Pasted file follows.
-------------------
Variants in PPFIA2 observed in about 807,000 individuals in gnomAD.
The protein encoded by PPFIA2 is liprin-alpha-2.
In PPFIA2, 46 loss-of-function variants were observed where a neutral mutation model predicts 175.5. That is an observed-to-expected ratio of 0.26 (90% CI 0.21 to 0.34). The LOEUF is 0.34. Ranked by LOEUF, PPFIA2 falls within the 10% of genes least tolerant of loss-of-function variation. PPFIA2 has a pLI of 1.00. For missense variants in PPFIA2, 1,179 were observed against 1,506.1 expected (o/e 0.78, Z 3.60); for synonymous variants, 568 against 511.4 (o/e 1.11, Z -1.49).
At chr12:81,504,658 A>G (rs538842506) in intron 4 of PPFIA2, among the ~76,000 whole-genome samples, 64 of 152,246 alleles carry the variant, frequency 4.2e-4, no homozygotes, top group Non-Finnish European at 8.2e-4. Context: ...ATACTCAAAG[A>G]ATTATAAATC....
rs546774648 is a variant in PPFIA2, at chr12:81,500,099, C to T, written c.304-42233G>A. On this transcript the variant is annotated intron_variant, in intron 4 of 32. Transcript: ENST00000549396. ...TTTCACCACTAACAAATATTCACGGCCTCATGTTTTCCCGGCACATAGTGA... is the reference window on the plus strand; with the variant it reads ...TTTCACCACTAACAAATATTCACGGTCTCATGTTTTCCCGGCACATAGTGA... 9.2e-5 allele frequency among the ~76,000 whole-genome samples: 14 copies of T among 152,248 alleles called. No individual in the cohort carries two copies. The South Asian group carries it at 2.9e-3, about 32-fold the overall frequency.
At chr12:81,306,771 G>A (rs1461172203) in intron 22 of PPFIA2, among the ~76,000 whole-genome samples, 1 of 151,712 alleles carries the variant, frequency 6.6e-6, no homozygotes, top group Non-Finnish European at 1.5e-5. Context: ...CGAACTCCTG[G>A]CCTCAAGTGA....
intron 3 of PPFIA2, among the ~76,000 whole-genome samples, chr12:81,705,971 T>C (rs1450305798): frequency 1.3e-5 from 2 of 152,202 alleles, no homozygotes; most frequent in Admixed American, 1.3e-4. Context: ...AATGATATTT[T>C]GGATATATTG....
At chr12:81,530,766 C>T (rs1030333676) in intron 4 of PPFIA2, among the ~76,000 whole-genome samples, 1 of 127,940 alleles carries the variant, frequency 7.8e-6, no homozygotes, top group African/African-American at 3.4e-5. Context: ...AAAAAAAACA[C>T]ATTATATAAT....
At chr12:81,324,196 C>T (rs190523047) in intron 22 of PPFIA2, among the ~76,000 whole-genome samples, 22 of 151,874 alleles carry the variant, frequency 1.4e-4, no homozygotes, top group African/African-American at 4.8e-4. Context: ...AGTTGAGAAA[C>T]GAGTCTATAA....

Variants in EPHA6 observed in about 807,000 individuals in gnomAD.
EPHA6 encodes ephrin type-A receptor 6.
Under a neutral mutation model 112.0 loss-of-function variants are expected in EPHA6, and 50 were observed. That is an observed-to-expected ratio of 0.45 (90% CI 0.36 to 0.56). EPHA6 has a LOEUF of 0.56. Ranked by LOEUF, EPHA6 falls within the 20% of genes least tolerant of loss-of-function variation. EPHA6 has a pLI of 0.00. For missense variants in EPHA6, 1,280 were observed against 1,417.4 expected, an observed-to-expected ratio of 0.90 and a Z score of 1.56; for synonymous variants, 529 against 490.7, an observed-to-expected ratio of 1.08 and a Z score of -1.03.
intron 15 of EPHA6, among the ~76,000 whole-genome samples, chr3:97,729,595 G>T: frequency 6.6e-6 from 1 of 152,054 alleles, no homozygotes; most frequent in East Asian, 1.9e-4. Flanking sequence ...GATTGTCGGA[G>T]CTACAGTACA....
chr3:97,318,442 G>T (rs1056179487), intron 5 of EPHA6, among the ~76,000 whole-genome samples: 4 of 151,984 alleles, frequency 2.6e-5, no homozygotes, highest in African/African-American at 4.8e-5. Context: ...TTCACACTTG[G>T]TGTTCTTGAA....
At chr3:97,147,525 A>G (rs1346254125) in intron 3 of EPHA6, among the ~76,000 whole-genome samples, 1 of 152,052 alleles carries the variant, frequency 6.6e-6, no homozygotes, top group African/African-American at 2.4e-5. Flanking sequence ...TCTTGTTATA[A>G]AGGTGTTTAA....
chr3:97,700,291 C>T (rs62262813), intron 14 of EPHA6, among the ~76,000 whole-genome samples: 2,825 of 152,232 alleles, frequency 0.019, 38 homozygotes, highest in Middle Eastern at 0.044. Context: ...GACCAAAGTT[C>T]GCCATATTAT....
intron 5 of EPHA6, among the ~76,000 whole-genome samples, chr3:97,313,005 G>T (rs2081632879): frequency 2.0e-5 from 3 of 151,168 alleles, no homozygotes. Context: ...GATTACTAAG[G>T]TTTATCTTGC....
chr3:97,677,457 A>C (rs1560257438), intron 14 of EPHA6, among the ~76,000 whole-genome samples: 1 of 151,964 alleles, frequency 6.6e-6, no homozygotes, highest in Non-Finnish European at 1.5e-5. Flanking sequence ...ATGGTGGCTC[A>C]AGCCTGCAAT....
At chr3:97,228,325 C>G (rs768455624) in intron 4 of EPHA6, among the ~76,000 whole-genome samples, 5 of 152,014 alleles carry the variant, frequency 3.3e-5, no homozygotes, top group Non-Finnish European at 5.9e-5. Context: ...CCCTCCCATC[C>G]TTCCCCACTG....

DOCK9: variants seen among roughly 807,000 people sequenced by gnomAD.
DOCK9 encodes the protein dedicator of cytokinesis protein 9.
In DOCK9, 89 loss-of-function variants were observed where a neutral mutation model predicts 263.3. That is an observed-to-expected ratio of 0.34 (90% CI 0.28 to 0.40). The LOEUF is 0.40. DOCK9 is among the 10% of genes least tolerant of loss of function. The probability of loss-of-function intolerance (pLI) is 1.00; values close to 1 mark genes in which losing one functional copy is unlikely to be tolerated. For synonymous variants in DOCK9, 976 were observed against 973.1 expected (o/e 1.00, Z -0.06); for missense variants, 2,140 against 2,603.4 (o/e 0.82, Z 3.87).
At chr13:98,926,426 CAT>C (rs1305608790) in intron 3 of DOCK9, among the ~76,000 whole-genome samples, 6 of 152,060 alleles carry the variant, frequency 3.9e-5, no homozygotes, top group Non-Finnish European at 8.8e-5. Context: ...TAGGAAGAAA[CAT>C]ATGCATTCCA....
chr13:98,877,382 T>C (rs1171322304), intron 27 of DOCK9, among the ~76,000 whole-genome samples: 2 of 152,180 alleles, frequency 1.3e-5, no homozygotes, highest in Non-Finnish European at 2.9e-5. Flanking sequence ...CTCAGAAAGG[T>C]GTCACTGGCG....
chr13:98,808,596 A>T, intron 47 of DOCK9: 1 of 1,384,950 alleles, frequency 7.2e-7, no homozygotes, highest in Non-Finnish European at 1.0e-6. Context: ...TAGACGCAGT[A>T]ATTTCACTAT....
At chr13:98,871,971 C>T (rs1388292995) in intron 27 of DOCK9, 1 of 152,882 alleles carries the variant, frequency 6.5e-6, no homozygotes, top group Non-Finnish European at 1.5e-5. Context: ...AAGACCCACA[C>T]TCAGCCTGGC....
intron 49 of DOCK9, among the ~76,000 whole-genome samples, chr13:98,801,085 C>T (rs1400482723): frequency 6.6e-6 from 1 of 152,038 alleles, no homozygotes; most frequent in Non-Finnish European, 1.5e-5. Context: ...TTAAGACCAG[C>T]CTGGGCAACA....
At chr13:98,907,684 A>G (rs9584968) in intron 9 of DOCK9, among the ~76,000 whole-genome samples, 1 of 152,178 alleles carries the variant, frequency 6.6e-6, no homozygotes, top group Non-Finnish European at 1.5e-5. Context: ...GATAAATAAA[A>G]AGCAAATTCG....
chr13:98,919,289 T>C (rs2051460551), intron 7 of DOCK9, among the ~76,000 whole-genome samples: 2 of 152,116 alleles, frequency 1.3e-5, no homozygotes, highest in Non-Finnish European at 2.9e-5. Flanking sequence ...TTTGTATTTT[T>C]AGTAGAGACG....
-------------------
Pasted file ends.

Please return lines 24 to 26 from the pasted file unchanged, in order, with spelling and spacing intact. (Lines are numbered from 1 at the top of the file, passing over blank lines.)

chr13:98,877,382 T>C (rs1171322304), intron 27 of DOCK9, among the ~76,000 whole-genome samples: 2 of 152,180 alleles, frequency 1.3e-5, no homozygotes, highest in Non-Finnish European at 2.9e-5. Flanking sequence ...CTCAGAAAGG[T>C]GTCACTGGCG....
chr13:98,808,596 A>T, intron 47 of DOCK9: 1 of 1,384,950 alleles, frequency 7.2e-7, no homozygotes, highest in Non-Finnish European at 1.0e-6. Context: ...TAGACGCAGT[A>T]ATTTCACTAT....
At chr13:98,871,971 C>T (rs1388292995) in intron 27 of DOCK9, 1 of 152,882 alleles carries the variant, frequency 6.5e-6, no homozygotes, top group Non-Finnish European at 1.5e-5. Context: ...AAGACCCACA[C>T]TCAGCCTGGC....